The in-your-face sexuality and attitude of today's girls could be a turn off for a lot of Hindi film audiences who've grown up on a staple diet of 'traditionally good-looking' heroines in stereotyped gender roles. "Sushmita seems to be an outsider, her aura is completely European. Bipasha Basu looks like a product of a multi-cultural school in New York," says critic Partha Chatterjee. Also, the idea has been to cater largely to the urban, young, popcorn crowd, which doesn't translate into an all-India appeal. "They have the body but no body language to communicate with the masses," feels Mehra.

The media scrum also ensures that star actresses don't get more than the 15 minutes of fame. "The media puts the stars on a pedestal overnight and then throws them out as quickly," says Adarsh. Every new star signs dozens of films and ad campaigns. Besides, there are the customary TV appearances and inaugurations."Anyone can pay money and call the heroines to open a boutique or a shop these days," says Hema. Such over-exposure is counter-productive. "They are all over the place, all the time. They are losing their mystique and charisma," says film critic Deepa Gahlot. "As long as one's fist is closed, the world wants to know what's inside. But once it's open it loses all its worth," says Hema.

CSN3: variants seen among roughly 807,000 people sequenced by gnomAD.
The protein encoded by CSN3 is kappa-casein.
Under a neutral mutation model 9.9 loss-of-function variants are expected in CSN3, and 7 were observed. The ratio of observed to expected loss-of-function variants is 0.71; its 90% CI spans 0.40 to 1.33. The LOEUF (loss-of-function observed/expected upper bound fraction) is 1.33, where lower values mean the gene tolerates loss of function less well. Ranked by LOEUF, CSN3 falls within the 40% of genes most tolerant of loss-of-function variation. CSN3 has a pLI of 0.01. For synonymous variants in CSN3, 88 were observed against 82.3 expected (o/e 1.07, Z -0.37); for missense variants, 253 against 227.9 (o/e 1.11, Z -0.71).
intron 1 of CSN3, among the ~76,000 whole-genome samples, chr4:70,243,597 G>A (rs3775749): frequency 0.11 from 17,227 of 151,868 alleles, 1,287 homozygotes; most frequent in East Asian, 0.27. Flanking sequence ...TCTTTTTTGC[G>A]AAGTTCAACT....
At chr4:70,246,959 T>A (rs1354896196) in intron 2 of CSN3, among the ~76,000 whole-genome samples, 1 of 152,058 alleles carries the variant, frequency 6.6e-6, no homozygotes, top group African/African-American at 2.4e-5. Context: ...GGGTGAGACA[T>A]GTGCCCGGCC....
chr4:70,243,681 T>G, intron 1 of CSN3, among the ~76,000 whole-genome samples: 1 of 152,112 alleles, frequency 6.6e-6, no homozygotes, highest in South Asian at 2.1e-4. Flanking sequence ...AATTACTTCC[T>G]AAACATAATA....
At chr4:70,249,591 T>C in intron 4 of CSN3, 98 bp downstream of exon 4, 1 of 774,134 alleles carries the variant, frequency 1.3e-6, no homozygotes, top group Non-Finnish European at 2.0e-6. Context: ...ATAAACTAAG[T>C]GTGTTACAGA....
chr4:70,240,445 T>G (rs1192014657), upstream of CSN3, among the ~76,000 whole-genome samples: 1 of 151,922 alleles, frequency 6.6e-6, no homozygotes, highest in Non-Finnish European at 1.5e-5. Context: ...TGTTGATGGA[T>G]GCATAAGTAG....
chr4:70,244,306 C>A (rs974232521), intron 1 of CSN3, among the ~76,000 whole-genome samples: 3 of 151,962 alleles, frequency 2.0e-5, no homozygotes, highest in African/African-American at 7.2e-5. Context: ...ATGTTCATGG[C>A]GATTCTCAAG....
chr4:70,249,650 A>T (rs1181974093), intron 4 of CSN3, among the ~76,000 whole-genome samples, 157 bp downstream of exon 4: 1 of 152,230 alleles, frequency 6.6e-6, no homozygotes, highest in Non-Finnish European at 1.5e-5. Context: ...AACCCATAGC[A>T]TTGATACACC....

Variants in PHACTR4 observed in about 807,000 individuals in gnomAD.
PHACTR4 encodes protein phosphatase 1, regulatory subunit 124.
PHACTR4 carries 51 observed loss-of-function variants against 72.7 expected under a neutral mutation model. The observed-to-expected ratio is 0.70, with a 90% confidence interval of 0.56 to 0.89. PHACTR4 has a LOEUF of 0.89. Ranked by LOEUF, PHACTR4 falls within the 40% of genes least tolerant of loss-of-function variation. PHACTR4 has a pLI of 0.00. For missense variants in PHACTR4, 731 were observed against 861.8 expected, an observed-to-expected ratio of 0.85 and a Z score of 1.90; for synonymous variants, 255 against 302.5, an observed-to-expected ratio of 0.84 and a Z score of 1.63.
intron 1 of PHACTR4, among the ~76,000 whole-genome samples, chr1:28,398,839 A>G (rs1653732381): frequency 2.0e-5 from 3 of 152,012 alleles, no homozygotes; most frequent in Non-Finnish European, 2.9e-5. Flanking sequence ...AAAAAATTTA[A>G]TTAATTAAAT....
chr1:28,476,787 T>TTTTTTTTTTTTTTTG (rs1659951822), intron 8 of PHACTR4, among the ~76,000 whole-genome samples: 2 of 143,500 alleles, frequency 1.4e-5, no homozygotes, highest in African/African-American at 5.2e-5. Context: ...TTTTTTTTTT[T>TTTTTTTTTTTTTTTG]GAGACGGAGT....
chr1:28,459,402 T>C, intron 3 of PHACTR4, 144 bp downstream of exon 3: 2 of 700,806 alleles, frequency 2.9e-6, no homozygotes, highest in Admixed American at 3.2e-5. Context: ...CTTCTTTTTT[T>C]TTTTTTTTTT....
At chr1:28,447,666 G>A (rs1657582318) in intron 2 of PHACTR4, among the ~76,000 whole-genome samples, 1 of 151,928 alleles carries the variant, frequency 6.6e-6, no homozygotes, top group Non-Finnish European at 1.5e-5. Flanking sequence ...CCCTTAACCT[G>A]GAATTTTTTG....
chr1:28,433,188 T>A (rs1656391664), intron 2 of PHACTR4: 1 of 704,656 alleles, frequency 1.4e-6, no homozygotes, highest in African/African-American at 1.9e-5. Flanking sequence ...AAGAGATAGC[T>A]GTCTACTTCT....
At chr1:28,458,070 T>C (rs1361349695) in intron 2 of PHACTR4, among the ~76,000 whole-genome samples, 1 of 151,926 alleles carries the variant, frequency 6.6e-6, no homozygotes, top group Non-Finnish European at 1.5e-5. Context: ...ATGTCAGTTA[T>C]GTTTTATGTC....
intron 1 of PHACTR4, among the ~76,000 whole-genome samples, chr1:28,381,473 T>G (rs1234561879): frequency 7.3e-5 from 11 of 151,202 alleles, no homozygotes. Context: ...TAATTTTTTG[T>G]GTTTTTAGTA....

The kind of roles and scripts the girls get to play is also very important. But then, are there enough good writers and directors? No, say some. "You cannot survive in the industry when the roles you get are so trivial. Roles which give the girls a larger-than-life image are not being written," says writer-lyricist Javed Akhtar. "Ultimately, it's the market to blame, the actor is only a cog in the wheel," agrees Gahlot. "Women rarely have roles written for them. The attention has been left for the males." Opines veteran actress Waheeda Rehman: "In that sense, even our greatest of actresses haven't really ruled the industry."

The upshot is a fading star system. Gahlot says it has largely become extinct with no major star capable of delivering a good initial, leave alone a blockbuster. "Instead of one top star, we should throw up a host of them. That will lend vitality and versatility to the movies," says da Cunha. There's also a constant pressure on the stars to conform so as not to slip down the ladder. "Immensely talented people get dictated by the box office. The cash flow doesn't encourage creativity," says da Cunha.

But the demise of the Queen Bee could be a blessing in disguise for good cinema. Some potential Queen Bees seem to have dropped out of the big race to essay meaningful roles which may not kick dirt at the box office. Karisma, for instance, has moved on to Fiza and Zubeida from Hero No. 1 and Coolie No. 1. Tabu is now recognised more for Maachis, Hu Tu Tu and Chandni Bar than a Vijaypath. "Everyone has realised that just doing films for the sake of doing them does not make you higher than the others. It's your work that counts," says Rani. Maybe the demise of the Queen Bee is not such a bad thing.

Namrata Joshi and Lata Khubchandani In Mumbai